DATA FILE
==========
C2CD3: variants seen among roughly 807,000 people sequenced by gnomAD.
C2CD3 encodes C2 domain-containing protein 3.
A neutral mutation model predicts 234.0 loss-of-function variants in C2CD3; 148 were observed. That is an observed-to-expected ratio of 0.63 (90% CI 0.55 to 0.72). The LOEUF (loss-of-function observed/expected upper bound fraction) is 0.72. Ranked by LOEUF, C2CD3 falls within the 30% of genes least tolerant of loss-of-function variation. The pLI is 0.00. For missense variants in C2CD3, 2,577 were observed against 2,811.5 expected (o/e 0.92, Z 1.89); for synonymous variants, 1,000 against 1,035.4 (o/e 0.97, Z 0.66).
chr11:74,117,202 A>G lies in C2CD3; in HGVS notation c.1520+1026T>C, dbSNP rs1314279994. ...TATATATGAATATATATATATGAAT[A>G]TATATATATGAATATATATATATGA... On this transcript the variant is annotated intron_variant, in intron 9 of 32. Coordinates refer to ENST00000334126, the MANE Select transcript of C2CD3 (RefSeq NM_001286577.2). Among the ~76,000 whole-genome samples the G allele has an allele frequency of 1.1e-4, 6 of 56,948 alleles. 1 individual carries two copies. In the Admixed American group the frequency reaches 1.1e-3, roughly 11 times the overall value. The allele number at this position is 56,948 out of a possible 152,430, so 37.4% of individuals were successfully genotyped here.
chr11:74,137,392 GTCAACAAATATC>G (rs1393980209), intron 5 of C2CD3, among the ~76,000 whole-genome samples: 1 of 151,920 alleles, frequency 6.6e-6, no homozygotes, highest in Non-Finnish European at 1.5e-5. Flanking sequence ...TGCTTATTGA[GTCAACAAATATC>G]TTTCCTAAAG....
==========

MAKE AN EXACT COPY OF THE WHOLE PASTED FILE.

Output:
C2CD3: variants seen among roughly 807,000 people sequenced by gnomAD.
C2CD3 encodes C2 domain-containing protein 3.
A neutral mutation model predicts 234.0 loss-of-function variants in C2CD3; 148 were observed. That is an observed-to-expected ratio of 0.63 (90% CI 0.55 to 0.72). The LOEUF (loss-of-function observed/expected upper bound fraction) is 0.72. Ranked by LOEUF, C2CD3 falls within the 30% of genes least tolerant of loss-of-function variation. The pLI is 0.00. For missense variants in C2CD3, 2,577 were observed against 2,811.5 expected (o/e 0.92, Z 1.89); for synonymous variants, 1,000 against 1,035.4 (o/e 0.97, Z 0.66).
chr11:74,117,202 A>G lies in C2CD3; in HGVS notation c.1520+1026T>C, dbSNP rs1314279994. ...TATATATGAATATATATATATGAAT[A>G]TATATATATGAATATATATATATGA... On this transcript the variant is annotated intron_variant, in intron 9 of 32. Coordinates refer to ENST00000334126, the MANE Select transcript of C2CD3 (RefSeq NM_001286577.2). Among the ~76,000 whole-genome samples the G allele has an allele frequency of 1.1e-4, 6 of 56,948 alleles. 1 individual carries two copies. In the Admixed American group the frequency reaches 1.1e-3, roughly 11 times the overall value. The allele number at this position is 56,948 out of a possible 152,430, so 37.4% of individuals were successfully genotyped here.
chr11:74,137,392 GTCAACAAATATC>G (rs1393980209), intron 5 of C2CD3, among the ~76,000 whole-genome samples: 1 of 151,920 alleles, frequency 6.6e-6, no homozygotes, highest in Non-Finnish European at 1.5e-5. Flanking sequence ...TGCTTATTGA[GTCAACAAATATC>G]TTTCCTAAAG....